afaqs! spoke to experts from the industry to find out some of the key metrics that marketers can focus on when they are lost in the sea of data.
In a rapidly changing digital landscape, customers leave a trail wherever they go. Browsing through an e-commerce website, searching for the best running shoes online, adding products to their wishlist to buy later. All this is priceless data for marketers. However, it sometimes leads to an information overload, leaving them to search for a needle in a haystack.
The main challenge for marketers is – getting lost in the abundance of data. Where to start, what to search, is everything important, are questions to which they need answers. This highlights the need for AI and ML tools to help identify the key patterns and insights, which can then be a narrower set to focus on.
Global MMA and EY survey data in the new Data Maturity Framework that guides marketers through the industry’s evolving data challenges found that most organisations lack the processes and skills necessary to effectively gather, analyse and execute against consumer data which is in abundance. It revealed that although most companies have made significant progress in terms of compliance, they still struggle when it comes to breaking down internal silos, activating data and building the right skillset to drive ROI on their data investment.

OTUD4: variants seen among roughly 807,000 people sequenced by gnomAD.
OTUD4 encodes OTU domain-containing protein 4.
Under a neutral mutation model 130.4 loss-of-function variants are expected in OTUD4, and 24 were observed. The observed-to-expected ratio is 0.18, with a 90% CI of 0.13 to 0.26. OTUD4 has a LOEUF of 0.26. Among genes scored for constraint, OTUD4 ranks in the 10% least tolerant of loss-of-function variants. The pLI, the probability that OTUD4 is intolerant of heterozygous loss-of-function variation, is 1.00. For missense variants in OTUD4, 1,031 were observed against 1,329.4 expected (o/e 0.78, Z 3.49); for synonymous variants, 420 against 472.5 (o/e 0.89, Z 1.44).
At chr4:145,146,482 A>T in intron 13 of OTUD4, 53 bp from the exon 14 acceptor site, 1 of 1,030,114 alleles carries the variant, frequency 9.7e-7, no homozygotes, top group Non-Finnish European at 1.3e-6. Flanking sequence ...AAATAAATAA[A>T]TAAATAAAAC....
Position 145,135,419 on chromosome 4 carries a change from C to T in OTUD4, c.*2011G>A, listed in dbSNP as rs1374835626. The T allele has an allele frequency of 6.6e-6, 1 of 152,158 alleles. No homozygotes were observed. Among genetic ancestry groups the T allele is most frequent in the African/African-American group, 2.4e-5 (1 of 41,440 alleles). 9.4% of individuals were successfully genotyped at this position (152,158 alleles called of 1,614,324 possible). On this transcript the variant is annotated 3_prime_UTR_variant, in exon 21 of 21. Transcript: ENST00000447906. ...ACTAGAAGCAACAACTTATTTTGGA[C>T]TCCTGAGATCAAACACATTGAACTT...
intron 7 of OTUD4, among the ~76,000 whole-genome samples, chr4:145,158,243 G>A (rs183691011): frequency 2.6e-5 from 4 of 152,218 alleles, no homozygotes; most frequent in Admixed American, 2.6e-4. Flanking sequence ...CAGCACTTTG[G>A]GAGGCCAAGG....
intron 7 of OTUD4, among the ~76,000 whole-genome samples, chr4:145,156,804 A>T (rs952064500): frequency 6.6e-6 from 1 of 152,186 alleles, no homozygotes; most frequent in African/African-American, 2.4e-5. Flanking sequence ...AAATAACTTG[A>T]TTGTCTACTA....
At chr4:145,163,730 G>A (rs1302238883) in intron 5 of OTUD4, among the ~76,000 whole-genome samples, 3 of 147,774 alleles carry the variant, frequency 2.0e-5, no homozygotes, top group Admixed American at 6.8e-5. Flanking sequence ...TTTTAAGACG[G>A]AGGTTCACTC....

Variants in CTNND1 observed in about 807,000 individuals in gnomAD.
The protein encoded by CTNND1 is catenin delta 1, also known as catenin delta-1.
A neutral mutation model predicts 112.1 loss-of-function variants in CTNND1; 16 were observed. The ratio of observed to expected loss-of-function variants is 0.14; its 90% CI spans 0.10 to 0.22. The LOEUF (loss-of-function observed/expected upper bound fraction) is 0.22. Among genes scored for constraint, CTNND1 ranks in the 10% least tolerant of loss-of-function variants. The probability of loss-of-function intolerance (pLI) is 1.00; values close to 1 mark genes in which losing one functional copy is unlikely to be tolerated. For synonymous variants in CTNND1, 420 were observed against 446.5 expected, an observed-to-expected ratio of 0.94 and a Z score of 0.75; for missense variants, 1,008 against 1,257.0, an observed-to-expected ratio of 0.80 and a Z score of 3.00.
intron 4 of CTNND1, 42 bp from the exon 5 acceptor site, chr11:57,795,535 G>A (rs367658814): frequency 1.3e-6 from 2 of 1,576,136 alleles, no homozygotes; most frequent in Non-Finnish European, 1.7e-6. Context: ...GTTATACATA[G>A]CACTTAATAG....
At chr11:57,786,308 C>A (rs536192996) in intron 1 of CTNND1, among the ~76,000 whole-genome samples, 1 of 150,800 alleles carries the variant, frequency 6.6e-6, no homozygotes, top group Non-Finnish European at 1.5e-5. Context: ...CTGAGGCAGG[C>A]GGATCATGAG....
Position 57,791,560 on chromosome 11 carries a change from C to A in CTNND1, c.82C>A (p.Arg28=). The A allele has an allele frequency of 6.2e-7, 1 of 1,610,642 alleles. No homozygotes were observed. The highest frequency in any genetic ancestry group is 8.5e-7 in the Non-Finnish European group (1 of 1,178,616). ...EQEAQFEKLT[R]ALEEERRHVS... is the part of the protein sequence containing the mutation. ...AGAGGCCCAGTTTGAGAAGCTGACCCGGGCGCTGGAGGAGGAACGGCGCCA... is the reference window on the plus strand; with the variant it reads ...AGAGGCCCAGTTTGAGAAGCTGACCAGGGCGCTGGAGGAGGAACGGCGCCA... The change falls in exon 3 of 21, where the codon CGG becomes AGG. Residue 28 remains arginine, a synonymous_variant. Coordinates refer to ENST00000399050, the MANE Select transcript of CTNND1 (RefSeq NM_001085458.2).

Absence of third-party data is also a rising concern among marketers. An organisation can only have limited first-party data, and it will only have attributes related to one’s sector. Unless this data is leveraged properly to find look-alikes or merged with the third-party to get a better customer understanding and sketch, the gains will be limited.
“AI and ML are playing a phenomenal role in augmenting the value of the first party data. In the absence of third-party data, it is even important to strengthen the first-party data and fetch look-alikes at the back of the first-party data sketch,” says Moneka Khurana, country head and board member, MMA India.
According to the survey of MMA EY Leveraging Consumer Data for Marketing report, 71 per cent of the respondents relied on a blend of first-party and third-party data for marketing activities. It indicates that the merger of the first-party with the third-party data is the key. Hence the same therefore needs to be leveraged to bring out a blended benefit of first-party and third-party data.
afaqs! spoke to some experts from the industry to find out some of the key metrics that marketers can focus on when they are lost in the sea of data.
Moneka Khurana, country head and board member, MMA India
A few of the metrics to sift through the data include understanding the evolving data landscape and winning data strategies to drive better business outcomes and bring in customer experiences.